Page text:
Emerges as an alternative to chromite sand that realises a saving of 40% of sand consumption.
In an interview with Willie Nicklin, Commercial Manager for Imerys in South Africa, Nicklin said: “The final quality of the metal casting is the result of a tremendous amount of controlled parameters inside the foundry. On a daily basis, parameters such as pouring temperature, sand quality, moulding conditions, etcetera are leveraged by metal casters to balance quality versus the yield of production, which usually have an opposite trend.”
“The moulding sand and the sand used for core making have a direct impact on the casting quality, and thus on the efficiency of production. The use of special sands has been widely spread to reduce sand fusion, metal penetration, and veining. Despite the high price, such product choices can generate significant savings in the foundry process, particularly referring to the lower scrap percentage as well as the shorter finishing time. On top of that, nowadays, health and environmental conditions are critical and have to be taken into consideration when the sand type is chosen,” continued Nicklin.
“Two of Imerys’ sands, Kersand (AFS 60), which is mined and produced in France and Durandal 60 (AFS 50), which is mined and produced in South Africa, are now used regularly by sand casting foundries and tests show that they fulfil the requirements in terms of refractoriness and thermal expansion. The two products are similar, made with natural minerals. In addition, they are respirable crystalline silica free, and this over the several sand processes. The two sands are performing well in all steel alloys, cast iron and copper alloy foundries and are compatible with all types of binding systems (organic and inorganic), and furthermore, generate no low melting temperature point when mixed with silica sand.”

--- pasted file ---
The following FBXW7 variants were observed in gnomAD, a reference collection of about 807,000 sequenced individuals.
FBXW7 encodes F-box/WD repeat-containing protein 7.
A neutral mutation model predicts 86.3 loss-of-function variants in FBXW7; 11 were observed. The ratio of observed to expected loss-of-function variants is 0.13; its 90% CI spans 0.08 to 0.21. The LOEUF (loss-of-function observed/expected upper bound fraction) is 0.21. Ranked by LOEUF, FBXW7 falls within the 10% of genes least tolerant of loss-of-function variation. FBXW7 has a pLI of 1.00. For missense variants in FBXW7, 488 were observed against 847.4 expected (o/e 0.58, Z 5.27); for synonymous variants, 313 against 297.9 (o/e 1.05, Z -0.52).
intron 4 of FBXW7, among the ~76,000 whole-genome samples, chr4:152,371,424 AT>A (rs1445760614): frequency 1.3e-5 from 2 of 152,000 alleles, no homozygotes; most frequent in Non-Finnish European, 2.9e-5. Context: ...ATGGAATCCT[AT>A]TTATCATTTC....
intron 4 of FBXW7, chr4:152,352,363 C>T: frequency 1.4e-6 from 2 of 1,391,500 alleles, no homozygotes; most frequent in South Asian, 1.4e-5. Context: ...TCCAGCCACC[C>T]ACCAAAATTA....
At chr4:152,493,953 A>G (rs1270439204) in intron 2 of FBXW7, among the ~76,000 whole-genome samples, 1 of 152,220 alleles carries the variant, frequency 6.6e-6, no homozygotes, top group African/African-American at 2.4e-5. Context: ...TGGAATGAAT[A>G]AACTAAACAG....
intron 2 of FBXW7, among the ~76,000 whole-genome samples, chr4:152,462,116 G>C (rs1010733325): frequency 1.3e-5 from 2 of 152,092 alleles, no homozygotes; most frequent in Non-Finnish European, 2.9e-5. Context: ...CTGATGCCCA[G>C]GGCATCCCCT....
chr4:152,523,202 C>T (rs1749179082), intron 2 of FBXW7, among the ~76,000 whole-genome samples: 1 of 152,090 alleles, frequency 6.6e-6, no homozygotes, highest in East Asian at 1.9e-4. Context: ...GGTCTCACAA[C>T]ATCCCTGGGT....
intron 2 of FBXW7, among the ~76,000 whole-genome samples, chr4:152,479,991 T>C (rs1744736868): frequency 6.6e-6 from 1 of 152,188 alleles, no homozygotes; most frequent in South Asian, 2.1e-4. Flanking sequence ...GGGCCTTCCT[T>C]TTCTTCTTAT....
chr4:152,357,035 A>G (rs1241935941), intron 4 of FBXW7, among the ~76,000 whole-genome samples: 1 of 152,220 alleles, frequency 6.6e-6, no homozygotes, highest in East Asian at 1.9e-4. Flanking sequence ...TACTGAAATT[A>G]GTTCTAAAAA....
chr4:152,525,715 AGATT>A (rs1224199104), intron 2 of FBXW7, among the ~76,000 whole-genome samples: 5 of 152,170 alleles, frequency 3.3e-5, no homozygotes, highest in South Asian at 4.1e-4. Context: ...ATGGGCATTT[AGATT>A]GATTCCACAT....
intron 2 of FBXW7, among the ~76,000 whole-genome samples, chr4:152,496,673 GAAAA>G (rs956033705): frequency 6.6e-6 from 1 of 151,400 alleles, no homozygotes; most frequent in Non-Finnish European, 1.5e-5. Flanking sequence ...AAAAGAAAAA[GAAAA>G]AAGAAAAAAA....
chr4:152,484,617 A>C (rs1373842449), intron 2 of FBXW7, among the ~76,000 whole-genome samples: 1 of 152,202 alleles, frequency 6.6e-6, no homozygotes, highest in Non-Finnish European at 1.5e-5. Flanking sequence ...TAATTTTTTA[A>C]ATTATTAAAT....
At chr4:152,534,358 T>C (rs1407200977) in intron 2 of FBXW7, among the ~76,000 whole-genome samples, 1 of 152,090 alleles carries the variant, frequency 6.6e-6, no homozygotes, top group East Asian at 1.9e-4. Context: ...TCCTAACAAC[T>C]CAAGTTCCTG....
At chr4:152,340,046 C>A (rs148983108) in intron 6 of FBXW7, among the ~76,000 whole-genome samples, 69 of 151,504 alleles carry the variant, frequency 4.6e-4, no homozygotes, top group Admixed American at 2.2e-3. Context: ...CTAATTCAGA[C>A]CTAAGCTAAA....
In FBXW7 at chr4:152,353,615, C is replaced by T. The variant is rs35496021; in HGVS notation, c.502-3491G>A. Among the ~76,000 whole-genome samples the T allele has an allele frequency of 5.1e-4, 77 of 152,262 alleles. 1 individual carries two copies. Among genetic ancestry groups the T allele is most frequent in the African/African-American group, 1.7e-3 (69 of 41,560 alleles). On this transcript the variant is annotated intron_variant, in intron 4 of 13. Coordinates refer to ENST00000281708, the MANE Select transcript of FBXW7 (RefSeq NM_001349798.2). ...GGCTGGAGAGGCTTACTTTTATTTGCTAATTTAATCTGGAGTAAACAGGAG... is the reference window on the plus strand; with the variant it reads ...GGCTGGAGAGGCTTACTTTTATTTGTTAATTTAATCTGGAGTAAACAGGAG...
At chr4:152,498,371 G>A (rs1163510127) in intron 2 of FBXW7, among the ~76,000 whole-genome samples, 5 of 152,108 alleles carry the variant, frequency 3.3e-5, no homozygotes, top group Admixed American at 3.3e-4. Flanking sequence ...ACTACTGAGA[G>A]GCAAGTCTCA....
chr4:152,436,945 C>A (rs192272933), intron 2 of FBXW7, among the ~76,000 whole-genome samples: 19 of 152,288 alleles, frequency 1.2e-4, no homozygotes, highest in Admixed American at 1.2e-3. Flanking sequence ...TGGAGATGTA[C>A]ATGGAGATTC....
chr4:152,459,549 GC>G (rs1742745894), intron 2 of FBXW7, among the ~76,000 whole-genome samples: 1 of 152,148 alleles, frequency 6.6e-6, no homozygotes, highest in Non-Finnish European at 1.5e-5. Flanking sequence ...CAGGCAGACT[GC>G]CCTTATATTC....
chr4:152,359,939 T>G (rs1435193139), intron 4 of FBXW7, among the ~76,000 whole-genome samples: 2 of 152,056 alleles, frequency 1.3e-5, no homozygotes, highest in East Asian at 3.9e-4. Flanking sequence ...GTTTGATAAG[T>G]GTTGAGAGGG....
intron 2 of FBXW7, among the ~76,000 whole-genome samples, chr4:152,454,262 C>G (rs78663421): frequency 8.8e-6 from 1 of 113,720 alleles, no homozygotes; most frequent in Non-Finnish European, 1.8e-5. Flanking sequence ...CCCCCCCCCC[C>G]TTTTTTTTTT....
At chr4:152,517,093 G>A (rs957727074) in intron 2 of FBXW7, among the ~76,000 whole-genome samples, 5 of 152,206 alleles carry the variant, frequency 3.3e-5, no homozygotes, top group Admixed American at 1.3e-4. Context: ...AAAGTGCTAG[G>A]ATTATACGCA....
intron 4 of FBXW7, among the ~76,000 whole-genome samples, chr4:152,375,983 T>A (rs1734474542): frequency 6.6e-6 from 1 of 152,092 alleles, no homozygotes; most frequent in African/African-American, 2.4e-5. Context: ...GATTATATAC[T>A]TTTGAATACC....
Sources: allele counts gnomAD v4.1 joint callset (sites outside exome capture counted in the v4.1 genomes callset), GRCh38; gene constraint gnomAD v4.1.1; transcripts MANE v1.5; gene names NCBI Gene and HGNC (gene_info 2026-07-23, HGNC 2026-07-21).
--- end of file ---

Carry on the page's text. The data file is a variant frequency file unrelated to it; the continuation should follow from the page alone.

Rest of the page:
“Chromite is commonly used for its refractoriness properties as well as for its anti-veining characteristic. Nevertheless, in a two-year time period, chromite prices FOB in South Africa have more than doubled from the initial prices. This clearly shows the high volatility of the chromite sand market price and how it can have a considerable effect on pricing, especially in Europe. This is not surprising, considering that all South African producers are primarily in the ferrochrome business producing metallurgical grade, with non-metallurgical grades being produced as a by-product. The production cost of foundry grade chromite is considerably greater than the production cost of sintered metallurgical grade chromite. The majority of the chrome ore deposits are usually providing undesirable foundry properties due to their formation type, crystal size and impurities, therefore, extra processing is needed to reach the necessary final properties.”